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Re: Mutable vs immutable strings

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Clark C . Evans
July 9, 2002 23:44
Re: Mutable vs immutable strings
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On Tue, Apr 23, 2002 at 04:13:24PM -0400, Dan Sugalski wrote:
| Should strings in parrot be mutable or immutable? Right now we've a 
| mix, and that's untenable.

Sorry to comment so late.  I think that the choice above
isn't good enough.  You need both strings and buffers.
I say this beacuse there are two fundamental use cases,
where you are passing around a string and if you keep a
reference to it you don't expect it to change on you.
And the other case, is where you are passing around a 
string (buffer) and it can change on you.  Depending on 
the situation either case can be desireable.

My use cases are primarly immutable, while a few people
are vocal about mutable strings.  Mutable strings aren't
necessarly more-useful; in many cases you need to keep a 
string handle around (say a hashtable key) and know that
it won't be changed on you.  If you are using mutable 
strings, this means you have to store a copy of the string
in this situation.  Storing a string copy has two 
dis-advantages:  first, it means alot of unnecessary
duplication, second, it prevents strings to be compared by
pointer when they are "interned".   Admittedly, you can
layer this on top with application semantics; but this is
less than ideal as it is a source of bugs.

So, I propose that Parrot supports both of these attitudes
of reasoning by using a flag.   Initially, all strings
are 'mutable'.  However, they have a 'freeze' operation which
turns it into a constant; calling freeze on a constant is
a noop.   Obviously, there shouldn't be a thaw function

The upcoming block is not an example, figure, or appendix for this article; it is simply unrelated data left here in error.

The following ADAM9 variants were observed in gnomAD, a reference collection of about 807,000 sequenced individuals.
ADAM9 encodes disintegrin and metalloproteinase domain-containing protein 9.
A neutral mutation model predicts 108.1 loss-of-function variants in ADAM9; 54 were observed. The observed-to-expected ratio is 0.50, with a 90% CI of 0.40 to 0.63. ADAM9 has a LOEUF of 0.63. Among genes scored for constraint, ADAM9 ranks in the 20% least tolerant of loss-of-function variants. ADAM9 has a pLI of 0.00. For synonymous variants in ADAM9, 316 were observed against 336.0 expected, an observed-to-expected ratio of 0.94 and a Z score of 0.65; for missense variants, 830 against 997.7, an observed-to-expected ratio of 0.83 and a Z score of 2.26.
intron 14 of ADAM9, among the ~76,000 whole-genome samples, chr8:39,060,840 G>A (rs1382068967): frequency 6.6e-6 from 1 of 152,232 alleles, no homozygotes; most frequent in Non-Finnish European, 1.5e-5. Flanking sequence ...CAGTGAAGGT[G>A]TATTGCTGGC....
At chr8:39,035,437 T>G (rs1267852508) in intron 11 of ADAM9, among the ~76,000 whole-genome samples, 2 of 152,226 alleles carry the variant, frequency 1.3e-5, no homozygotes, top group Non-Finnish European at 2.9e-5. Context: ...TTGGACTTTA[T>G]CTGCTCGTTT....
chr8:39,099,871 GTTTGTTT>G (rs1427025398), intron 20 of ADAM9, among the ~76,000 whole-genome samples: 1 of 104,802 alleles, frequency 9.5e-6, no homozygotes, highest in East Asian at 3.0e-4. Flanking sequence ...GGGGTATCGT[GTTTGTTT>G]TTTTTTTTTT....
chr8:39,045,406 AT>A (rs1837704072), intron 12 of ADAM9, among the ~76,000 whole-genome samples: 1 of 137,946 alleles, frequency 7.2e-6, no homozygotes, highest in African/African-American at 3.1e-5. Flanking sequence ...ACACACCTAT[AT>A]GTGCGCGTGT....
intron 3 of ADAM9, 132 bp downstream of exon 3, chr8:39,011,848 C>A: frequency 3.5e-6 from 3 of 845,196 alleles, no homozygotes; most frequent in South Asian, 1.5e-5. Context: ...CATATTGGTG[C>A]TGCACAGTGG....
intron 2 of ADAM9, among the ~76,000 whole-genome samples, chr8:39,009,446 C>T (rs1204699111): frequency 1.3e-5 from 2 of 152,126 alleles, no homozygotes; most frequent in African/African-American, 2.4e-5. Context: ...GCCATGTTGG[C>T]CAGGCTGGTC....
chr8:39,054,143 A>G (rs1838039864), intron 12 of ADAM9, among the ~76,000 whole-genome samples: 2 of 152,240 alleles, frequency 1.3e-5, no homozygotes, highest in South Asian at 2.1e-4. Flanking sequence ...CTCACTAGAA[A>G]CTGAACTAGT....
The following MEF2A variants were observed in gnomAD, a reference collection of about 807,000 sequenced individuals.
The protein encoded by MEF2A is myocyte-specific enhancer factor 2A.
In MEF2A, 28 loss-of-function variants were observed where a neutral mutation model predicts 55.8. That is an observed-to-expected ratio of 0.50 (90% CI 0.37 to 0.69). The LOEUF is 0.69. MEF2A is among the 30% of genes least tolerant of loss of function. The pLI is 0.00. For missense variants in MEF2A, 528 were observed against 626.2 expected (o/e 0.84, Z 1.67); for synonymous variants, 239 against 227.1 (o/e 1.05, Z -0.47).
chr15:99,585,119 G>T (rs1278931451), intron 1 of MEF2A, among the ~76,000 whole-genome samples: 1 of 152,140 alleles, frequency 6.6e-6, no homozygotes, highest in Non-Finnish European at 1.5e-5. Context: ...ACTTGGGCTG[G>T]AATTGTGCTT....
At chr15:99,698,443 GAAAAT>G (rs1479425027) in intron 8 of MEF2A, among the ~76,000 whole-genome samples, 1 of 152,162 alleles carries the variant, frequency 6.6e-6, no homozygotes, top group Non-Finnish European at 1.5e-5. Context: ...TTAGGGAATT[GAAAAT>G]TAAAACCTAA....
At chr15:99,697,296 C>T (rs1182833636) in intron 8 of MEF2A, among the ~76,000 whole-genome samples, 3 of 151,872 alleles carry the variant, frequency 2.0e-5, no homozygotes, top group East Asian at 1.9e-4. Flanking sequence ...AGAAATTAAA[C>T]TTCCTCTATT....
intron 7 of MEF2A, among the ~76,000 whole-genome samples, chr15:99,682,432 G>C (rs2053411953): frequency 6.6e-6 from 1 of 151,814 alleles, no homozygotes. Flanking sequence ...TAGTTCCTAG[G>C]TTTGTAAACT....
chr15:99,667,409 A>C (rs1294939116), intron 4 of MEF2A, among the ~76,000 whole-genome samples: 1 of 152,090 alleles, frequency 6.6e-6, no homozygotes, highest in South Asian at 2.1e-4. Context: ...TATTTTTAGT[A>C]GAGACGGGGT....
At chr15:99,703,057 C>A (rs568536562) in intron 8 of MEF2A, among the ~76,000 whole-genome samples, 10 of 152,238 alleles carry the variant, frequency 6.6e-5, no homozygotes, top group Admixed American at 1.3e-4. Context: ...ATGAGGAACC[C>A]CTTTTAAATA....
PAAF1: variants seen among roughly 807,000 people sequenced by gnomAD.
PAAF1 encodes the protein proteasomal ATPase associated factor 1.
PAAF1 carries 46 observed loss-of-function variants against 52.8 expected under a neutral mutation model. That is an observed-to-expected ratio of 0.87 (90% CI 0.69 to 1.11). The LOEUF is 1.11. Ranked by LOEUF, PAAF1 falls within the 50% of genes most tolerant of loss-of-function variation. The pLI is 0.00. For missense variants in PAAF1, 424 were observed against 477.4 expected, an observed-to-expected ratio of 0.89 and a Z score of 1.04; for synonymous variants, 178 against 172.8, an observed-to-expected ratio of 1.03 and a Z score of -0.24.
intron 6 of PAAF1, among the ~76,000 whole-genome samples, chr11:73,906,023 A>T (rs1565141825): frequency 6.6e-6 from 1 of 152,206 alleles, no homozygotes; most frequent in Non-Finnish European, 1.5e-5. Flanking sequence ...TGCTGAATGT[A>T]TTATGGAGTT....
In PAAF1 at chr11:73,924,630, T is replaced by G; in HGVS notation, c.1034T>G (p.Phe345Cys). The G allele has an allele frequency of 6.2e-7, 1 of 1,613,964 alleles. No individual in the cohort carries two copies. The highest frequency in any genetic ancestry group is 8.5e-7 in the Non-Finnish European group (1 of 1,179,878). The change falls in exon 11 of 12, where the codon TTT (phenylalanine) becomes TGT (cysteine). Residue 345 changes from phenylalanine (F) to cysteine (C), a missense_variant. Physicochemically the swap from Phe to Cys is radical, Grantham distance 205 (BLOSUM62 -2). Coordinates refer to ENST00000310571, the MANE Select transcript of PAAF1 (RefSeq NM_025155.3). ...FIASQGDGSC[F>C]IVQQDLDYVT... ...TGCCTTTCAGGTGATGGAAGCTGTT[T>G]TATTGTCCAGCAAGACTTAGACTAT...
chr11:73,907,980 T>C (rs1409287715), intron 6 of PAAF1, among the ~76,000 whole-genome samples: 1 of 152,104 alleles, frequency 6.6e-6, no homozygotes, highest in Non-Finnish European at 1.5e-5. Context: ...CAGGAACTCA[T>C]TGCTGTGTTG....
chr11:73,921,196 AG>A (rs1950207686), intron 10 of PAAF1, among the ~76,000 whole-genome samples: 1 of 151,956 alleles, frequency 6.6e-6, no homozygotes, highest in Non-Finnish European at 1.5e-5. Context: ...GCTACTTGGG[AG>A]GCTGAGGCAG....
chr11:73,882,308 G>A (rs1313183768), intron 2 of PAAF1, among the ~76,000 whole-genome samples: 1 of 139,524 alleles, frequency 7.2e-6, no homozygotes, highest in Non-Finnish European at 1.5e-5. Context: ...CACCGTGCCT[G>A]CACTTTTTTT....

and calling a mutator operation on a constant string 
should raise an error.

In this way, application semantics can be enforced uniformly
across library and programming language boundaries.  If a 
function asks for a constant string (to keep a copy) then
it can call "freeze" on it before it stuffs it away.  Then,
if some other function tries to change it... the appropriate
error condition occurs.   This is clean and flexible.

That said, one may want to extend this to other types
of objects in a more generic manner.  Python has both
tuples and lists.  A tuple is essentially a constant
list.   Constants are needed for mapping keys, when
used as a key, the mapping could 'freeze' the object.
Calling 'freeze' on a composite (such as a list or map)
would recursively freeze all components of the object
and their relation to each other.  Something like this 
would make dictionaries very useable... and would allow
for very clean representation of python's list/tuple, 
buffer/string distinctions.


Yo!  Check out YAML!
YAML is Serialization for the Masses

Clark C. Evans                   Axista, Inc.            800.926.5525
XCOLLA Collaborative Project Management Software

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